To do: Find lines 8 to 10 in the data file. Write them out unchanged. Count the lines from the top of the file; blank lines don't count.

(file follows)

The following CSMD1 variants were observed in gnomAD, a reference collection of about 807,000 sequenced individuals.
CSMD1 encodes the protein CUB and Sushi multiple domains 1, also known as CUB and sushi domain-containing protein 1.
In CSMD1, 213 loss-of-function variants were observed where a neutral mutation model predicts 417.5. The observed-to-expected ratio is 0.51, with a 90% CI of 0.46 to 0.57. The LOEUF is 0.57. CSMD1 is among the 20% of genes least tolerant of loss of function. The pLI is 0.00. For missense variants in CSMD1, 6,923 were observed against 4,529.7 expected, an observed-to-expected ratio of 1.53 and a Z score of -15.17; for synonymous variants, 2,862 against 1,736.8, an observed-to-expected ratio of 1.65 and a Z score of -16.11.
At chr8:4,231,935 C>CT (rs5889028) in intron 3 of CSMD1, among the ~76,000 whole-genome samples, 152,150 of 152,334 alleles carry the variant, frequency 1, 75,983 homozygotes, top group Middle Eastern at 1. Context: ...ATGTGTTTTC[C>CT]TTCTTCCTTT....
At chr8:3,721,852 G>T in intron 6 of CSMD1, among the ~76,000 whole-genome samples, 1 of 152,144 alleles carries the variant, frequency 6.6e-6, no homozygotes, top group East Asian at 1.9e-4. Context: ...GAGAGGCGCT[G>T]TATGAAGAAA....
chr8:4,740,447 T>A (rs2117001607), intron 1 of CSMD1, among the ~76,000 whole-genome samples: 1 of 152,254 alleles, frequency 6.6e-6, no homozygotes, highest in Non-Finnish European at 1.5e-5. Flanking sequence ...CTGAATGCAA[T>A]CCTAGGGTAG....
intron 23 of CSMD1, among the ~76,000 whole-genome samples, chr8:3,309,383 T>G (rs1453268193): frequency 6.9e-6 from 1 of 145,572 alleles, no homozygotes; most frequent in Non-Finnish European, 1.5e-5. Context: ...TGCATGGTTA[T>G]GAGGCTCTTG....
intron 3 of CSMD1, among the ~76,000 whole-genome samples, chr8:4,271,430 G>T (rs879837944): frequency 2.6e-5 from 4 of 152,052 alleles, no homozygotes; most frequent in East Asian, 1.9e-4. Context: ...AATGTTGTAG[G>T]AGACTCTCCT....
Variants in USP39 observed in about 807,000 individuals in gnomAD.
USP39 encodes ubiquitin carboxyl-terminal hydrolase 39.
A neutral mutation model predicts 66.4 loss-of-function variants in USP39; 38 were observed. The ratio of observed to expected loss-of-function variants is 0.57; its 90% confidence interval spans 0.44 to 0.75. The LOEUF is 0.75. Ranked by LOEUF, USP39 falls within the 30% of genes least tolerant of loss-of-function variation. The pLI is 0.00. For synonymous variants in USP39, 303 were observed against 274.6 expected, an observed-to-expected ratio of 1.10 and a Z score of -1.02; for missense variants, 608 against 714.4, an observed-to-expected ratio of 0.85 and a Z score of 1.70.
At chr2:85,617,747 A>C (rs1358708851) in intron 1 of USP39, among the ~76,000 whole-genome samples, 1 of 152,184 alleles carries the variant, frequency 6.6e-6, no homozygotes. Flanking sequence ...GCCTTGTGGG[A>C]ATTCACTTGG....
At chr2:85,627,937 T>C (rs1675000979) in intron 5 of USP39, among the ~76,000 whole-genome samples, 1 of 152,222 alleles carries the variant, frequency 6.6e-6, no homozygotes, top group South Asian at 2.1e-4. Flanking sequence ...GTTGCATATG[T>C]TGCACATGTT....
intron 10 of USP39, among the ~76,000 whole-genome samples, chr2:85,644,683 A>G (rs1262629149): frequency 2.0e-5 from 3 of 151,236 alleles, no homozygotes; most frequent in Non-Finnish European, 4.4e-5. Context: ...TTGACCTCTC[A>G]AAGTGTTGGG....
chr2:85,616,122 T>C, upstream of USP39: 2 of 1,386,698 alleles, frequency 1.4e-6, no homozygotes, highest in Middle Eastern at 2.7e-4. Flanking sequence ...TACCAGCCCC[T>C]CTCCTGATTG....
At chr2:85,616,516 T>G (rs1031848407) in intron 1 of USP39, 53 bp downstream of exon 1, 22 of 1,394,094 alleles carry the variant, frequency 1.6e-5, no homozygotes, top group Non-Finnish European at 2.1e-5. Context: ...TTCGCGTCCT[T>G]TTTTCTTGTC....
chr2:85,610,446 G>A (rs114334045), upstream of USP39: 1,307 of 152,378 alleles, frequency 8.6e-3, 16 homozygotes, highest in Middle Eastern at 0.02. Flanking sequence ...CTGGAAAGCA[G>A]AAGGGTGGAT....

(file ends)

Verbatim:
intron 3 of CSMD1, among the ~76,000 whole-genome samples, chr8:4,271,430 G>T (rs879837944): frequency 2.6e-5 from 4 of 152,052 alleles, no homozygotes; most frequent in East Asian, 1.9e-4. Context: ...AATGTTGTAG[G>T]AGACTCTCCT....
Variants in USP39 observed in about 807,000 individuals in gnomAD.
USP39 encodes ubiquitin carboxyl-terminal hydrolase 39.